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Can air travel be sustainable?

16 October 2020 08:10

Discover how the aviation industry is going green.

Discover how the aviation industry is going green.

Electric planes, self-sufficient terminals and reduced plastic pledges. Learn more about the steps being taken for a greener future in flying...

Carbon offsetting

Carbon offsetting is a simple idea. It's a way of balancing carbon emissions by taking part in initiatives that lower greenhouse gases elsewhere - paying off your debt to the environment, if you will. And for airlines, the ultimate aim is to become 'carbon neutral' through reforestation projects and other eco-friendly actions.

The aviation industry has even committed to 'carbon-neutral growth' after 2020. The Carbon Offsetting and Reduction Scheme for International Aviation (CORSIA) is voluntary at the moment, but from 2027 airlines will have to pay to offset any emissions that exceed 2020 levels. How that pans out given the slump in flights this year, we'll have to wait and see. Some critics suggest that CORSIA is a “licence to pollute” and the real goal should be to reduce the amount of carbon we put into the atmosphere in the first place.

Energy efficient planes

A flight today produces only half the CO2 it did in 1990. And the aviation industry has every intention of continuing the trend for greener travel: easyJet is hoping to run electric planes on shorter routes by 2030, while Norway hopes to make all short-haul flights battery powered by 2040.

Aerospace engineers are constantly working to design cleaner planes of the future but they have a tough task ahead of them. Batteries needed for long-haul flights are simply too heavy. Per kilogram, jet fuel contains around 30 times more energy than the best lithium-ion battery on the market.


The aviation industry's most promising solution to reducing emissions could come from sustainable aviation fuel (SAF). Produced using household waste, crops and wood chips, the materials have already absorbed greenhouse gases from the atmosphere. Emissions from burning SAFs in flight are reduced by roughly 80% when compared to conventional fuel.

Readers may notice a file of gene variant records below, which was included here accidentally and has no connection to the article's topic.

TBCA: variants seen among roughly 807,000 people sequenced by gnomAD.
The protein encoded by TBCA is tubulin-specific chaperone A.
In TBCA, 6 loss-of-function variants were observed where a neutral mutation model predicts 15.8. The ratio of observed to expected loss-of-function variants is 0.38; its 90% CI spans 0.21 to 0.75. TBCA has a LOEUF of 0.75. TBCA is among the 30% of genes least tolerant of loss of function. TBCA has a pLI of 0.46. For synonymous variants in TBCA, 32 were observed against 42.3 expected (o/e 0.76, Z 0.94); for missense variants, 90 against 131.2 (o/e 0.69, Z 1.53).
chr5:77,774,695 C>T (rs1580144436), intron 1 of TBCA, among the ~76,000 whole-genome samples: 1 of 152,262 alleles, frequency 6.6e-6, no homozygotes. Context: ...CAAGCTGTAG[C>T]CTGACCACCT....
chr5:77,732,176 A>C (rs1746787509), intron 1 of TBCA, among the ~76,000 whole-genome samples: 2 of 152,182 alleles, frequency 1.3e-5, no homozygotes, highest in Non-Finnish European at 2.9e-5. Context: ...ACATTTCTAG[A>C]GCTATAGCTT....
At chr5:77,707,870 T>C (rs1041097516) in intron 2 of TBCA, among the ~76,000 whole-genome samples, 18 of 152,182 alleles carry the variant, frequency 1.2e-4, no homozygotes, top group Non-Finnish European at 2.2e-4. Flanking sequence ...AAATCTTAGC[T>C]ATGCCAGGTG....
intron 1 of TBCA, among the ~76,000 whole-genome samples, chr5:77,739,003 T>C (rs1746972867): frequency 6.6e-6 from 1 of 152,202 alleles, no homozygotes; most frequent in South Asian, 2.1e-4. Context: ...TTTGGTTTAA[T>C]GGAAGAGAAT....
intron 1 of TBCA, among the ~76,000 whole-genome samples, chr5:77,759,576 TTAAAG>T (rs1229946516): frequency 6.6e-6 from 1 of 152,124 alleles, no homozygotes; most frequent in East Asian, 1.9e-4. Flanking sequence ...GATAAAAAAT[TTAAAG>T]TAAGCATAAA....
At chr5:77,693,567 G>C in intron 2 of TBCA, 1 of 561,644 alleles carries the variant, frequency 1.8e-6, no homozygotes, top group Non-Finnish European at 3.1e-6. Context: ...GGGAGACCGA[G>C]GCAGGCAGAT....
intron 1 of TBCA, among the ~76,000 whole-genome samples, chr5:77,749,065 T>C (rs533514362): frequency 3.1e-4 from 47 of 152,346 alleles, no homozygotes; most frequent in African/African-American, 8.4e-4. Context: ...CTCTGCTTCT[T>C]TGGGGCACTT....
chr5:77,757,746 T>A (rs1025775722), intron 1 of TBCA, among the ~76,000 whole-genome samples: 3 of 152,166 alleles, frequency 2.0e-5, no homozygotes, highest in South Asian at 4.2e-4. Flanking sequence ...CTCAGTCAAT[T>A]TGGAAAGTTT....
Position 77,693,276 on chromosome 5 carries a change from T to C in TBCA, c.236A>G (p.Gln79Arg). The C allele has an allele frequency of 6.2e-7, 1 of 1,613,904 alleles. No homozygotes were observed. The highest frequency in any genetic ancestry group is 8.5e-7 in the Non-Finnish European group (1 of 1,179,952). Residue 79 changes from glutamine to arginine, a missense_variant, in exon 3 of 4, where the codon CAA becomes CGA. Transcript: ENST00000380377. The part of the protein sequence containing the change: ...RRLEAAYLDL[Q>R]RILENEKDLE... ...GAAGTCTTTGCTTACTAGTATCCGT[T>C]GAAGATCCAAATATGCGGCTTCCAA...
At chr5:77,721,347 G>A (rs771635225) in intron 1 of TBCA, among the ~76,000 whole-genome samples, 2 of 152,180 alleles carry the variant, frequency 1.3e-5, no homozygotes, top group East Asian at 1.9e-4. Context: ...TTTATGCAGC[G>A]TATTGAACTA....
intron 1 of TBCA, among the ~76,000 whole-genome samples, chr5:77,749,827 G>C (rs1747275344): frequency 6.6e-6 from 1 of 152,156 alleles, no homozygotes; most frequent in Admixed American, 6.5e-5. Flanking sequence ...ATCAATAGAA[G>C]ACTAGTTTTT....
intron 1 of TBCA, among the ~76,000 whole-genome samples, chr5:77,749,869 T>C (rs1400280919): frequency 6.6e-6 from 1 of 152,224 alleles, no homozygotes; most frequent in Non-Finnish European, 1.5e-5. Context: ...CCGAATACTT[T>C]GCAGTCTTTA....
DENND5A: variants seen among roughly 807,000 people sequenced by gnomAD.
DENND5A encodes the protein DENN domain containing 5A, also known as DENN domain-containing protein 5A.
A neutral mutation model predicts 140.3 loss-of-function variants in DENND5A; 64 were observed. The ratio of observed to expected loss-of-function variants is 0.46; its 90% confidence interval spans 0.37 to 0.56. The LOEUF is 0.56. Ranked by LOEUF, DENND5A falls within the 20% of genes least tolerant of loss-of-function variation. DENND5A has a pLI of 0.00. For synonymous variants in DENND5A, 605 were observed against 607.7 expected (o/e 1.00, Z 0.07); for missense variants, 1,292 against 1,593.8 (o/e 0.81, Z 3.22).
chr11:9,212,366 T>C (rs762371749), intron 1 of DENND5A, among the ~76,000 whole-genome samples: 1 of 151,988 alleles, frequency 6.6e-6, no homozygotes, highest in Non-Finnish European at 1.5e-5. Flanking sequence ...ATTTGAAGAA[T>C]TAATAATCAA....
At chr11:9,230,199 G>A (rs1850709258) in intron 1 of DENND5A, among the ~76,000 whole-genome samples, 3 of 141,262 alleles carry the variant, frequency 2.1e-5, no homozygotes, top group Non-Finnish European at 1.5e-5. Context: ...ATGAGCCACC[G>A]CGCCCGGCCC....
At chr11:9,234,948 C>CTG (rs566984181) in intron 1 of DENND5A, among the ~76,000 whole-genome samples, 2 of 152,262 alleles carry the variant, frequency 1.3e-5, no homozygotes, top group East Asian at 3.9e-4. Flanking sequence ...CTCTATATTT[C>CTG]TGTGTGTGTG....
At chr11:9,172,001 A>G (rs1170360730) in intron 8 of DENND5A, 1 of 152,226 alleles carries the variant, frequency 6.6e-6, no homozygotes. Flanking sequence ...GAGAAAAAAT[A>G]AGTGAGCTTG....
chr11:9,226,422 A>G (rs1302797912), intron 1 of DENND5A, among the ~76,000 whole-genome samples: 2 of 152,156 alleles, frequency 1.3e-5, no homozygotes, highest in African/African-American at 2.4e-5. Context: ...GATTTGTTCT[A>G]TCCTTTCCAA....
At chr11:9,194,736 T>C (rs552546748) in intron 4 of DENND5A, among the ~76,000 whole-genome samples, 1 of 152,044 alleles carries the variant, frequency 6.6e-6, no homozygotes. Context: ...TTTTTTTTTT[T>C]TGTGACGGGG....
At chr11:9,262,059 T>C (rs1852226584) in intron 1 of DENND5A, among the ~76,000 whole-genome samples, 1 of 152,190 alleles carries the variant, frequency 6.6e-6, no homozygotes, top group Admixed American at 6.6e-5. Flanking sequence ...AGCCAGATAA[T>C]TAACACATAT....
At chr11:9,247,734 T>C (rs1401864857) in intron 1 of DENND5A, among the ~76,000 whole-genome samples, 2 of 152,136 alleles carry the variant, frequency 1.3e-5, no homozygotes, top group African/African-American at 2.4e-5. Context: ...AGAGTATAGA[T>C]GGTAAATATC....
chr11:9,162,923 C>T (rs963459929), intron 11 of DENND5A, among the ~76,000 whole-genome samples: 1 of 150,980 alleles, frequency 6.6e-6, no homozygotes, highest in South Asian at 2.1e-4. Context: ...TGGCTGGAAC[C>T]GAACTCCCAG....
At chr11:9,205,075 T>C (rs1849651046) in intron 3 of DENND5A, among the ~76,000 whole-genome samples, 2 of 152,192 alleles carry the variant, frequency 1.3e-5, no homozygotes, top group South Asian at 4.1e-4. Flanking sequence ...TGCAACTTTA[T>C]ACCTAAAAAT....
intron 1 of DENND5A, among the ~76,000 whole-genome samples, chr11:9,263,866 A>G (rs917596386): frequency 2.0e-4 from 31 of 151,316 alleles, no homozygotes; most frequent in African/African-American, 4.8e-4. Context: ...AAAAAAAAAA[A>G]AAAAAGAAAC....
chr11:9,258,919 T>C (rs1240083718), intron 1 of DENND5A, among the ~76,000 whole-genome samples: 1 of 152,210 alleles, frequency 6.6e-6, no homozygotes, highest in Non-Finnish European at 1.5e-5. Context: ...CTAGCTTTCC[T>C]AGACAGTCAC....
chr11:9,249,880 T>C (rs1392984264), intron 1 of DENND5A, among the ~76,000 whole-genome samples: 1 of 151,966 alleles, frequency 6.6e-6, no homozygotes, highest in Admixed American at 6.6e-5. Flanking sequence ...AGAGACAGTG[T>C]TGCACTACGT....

However, forecasts suggest that just 1% of US jet fuel will be SAF in 2020. Why? Currently, it's far more expensive than standard jet fuel and the green alternative is only available in small quantities, although experts predict that this will change within the next decade.

Low-waste flights

Passengers generated over 6.7 million tonnes of cabin waste in 2018 alone. Single-use cutlery, wrapped blankets and disposable toothbrushes mean that much of the rubbish is plastic.

Thankfully though, things are changing. HiFly chartered the first single-use plastic-free flight back in 2018 and more airlines are set to follow their example. Ryanair plans to go plastic-free by 2023, while Qantas, Etihad and Air New Zealand have promised to reduce their landfill deposits.

Added climate tax

The price of a plane ticket could be on the rise in order to reflect the true cost of air travel on the environment. Sweden and France added an eco-tax in 2018 and 2020 respectively, and Germany, Switzerland and the Netherlands are set to follow suit. The price hike is intended to reduce demand for flights and raise money for improving greener transport options.

Rather than being left behind, the aviation industry hopes to become part of the solution for sustainable travel. It will be interesting to see if other nations add eco-taxes in the coming years. Many believe that once prices reflect the real environmental cost of flying, airlines will make more impactful efforts to reduce their emissions.

Greener manufacturing

Aircraft and engine manufacturers have also made bold promises to help drive down their CO2 emissions. Just a few years ago, recycling cured carbon fibre wasn't possible. Boeing now send 2 million pounds of the waste to their factories in a bid to reduce what they send to landfill by 20% by 2025. Similarly, Airbus have reduced energy consumption by 30% and reduced water consumption by 43% within five years of launching their blue5 initiative.

Manufacturers Pratt & Whitney may have made the biggest commitment to improving their carbon footprint out of them all. By 2025 they aim to have zero waste in their factories and produce 80% fewer greenhouse gases. They also aim to use 80% less water, leaving none of it to waste.

Eco-friendly airports

Changes are also being made to reduce the carbon footprint in terminals. The world's first 'green airport', the Galapagos Ecological, is designed to run completely on solar and wind power. Meanwhile, Europe's first carbon neutral airport, Stockholm Arlanda International, uses a series of wells to collect its water.

All single-use plastics have been banned from airports in Dubai from early 2020, while half of India's airports have been free from single-use plastic since 2019. And similar approaches are set for the future too, with San Francisco airport aiming to become the first zero waste-to-landfill airport by 2021.

Can air travel be sustainable?

It's clear that aviation is cleaning up its act. And with ever-increasing solutions for a carbon-neutral industry, it's surely only a matter of time before advances in planes, renewable energy production and manufacturing practices are enough to provide a truly green future for aviation.

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